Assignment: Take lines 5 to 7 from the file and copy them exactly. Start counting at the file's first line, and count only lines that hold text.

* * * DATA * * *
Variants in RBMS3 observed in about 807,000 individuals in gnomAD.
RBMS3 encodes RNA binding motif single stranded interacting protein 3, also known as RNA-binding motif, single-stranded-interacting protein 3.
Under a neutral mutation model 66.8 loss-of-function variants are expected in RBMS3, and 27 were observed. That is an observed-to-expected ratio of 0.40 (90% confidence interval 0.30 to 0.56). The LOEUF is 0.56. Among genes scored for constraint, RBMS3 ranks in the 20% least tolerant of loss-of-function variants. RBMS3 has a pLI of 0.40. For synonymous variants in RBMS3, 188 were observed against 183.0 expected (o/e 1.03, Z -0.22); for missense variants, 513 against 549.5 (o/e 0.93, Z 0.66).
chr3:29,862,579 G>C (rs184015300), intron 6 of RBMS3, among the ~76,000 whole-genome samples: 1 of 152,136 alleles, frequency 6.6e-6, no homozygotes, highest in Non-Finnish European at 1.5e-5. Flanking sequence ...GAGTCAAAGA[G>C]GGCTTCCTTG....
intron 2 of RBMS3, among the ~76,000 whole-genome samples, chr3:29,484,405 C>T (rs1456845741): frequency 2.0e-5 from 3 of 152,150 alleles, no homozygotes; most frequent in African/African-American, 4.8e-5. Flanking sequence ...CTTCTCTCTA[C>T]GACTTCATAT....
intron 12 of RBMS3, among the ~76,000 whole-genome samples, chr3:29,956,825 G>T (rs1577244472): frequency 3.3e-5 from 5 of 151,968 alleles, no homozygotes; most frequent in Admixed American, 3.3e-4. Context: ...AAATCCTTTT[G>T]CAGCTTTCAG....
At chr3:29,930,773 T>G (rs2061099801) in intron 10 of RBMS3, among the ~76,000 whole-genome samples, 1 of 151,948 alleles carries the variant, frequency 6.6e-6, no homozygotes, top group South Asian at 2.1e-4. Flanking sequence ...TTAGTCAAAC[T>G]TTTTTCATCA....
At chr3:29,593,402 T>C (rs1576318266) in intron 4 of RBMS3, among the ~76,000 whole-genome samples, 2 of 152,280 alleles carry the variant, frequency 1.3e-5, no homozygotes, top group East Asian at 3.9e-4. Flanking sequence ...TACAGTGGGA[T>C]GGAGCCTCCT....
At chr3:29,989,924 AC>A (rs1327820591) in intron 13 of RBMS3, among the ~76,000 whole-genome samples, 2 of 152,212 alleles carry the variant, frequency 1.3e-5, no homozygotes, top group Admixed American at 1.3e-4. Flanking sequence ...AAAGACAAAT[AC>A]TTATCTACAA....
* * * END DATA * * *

intron 2 of RBMS3, among the ~76,000 whole-genome samples, chr3:29,484,405 C>T (rs1456845741): frequency 2.0e-5 from 3 of 152,150 alleles, no homozygotes; most frequent in African/African-American, 4.8e-5. Flanking sequence ...CTTCTCTCTA[C>T]GACTTCATAT....
intron 12 of RBMS3, among the ~76,000 whole-genome samples, chr3:29,956,825 G>T (rs1577244472): frequency 3.3e-5 from 5 of 151,968 alleles, no homozygotes; most frequent in Admixed American, 3.3e-4. Context: ...AAATCCTTTT[G>T]CAGCTTTCAG....
At chr3:29,930,773 T>G (rs2061099801) in intron 10 of RBMS3, among the ~76,000 whole-genome samples, 1 of 151,948 alleles carries the variant, frequency 6.6e-6, no homozygotes, top group South Asian at 2.1e-4. Flanking sequence ...TTAGTCAAAC[T>G]TTTTTCATCA....